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passover message

04/12/2017 11:14:45 AM

Apr12

 

Dear Beth Am Family,

 

With Passover on the horizon, I find my thoughts drawn to how fractured and divisive our world has become. Whether it is the violence around the globe, the acts of hatred against the other in our midst, or just the tension that is in the air, my soul cannot escape the brokenness of our world.

 

Perhaps, this is the reason why my preparations this year have focused so much on Elijah. Over the year, different haggadot have used the prophet Elijah in two major ways. For most of us, we know Elijah as being the symbol of “welcoming.” This is the reason we can tell stories about how some child opened the door and aunt so-and-so walked through. In these jovial moments, Elijah is meant to be symbolic of our value that we should welcome to our tables those who are different from ourselves. While these moments in our seder may seem trite, they include the important message that, though being different can be scary to us, it is still incumbent upon us to “open the door” and welcome those who are different from ourselves.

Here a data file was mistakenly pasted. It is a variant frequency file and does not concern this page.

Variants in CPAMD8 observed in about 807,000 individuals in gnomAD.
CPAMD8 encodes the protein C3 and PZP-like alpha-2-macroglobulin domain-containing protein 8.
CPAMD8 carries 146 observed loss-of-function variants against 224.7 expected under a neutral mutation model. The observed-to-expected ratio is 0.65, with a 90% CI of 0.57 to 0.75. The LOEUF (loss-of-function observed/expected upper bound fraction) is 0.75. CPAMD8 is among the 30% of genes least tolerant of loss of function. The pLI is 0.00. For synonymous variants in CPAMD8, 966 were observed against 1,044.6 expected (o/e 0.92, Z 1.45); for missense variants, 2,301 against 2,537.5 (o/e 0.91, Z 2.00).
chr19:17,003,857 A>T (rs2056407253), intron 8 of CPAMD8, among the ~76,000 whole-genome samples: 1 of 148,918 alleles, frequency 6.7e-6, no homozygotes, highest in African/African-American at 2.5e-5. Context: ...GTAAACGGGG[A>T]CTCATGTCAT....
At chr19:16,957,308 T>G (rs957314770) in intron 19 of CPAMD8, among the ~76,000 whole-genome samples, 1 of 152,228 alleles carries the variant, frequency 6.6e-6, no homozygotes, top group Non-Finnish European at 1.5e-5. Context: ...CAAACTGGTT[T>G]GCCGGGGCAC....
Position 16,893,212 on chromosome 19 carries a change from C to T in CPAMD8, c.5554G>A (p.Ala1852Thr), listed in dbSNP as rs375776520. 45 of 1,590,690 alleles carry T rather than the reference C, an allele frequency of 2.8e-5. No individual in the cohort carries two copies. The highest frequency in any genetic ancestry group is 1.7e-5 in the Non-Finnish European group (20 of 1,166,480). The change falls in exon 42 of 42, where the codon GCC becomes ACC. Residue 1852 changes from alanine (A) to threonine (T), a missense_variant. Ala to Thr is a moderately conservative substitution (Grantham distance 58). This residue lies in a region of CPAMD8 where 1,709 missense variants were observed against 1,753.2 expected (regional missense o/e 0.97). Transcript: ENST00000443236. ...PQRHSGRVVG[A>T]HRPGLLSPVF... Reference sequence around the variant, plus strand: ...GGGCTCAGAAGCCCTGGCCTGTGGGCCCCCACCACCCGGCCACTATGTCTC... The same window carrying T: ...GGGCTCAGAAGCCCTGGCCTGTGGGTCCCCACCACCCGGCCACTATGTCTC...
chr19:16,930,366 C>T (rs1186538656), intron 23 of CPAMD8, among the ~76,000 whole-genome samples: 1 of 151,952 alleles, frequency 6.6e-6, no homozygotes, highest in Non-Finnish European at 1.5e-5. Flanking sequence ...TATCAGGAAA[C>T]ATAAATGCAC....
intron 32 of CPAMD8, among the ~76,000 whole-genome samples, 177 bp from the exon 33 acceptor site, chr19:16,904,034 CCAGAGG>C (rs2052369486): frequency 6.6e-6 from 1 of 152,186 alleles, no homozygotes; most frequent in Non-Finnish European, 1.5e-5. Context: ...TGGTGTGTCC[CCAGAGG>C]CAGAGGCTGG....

Another well-known theme about Elijah on Seder night is that he is a symbol of hope. We place a cup for him on our table hoping that he will arrive, bringing forth a world that is much better than the one that we have right now. Hope is an extremely important gift that we need at this point in time. For many of us, the darkness of our days seems to bring us down. However, the light in the message about Elijah can warm our hearts, knowing that with hope the world can become better.

 

For me, I find the greatest meaning in bringing both of these themes together. I truly believe that when we all accept the differences of the other sitting around our tables, we create a world of love and compassion. When all of the tables around the world take in the messages that the Seder and Elijah have to offer, we truly have peace and understanding. When all peoples everywhere internalize “love thy neighbor as thyself,” I truly believe that it is in that moment that Elijah will take his sip and we will have Shalom for all.

 

May each of us take into our hearts the messages of the Seder night and put them into practice in our daily lives.

 

Chag Samei’ach, Happy Passover,

Rabbi Robbie

 

Happy Passover From Beth Am
 
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Tue, November 12 2019 14 Cheshvan 5780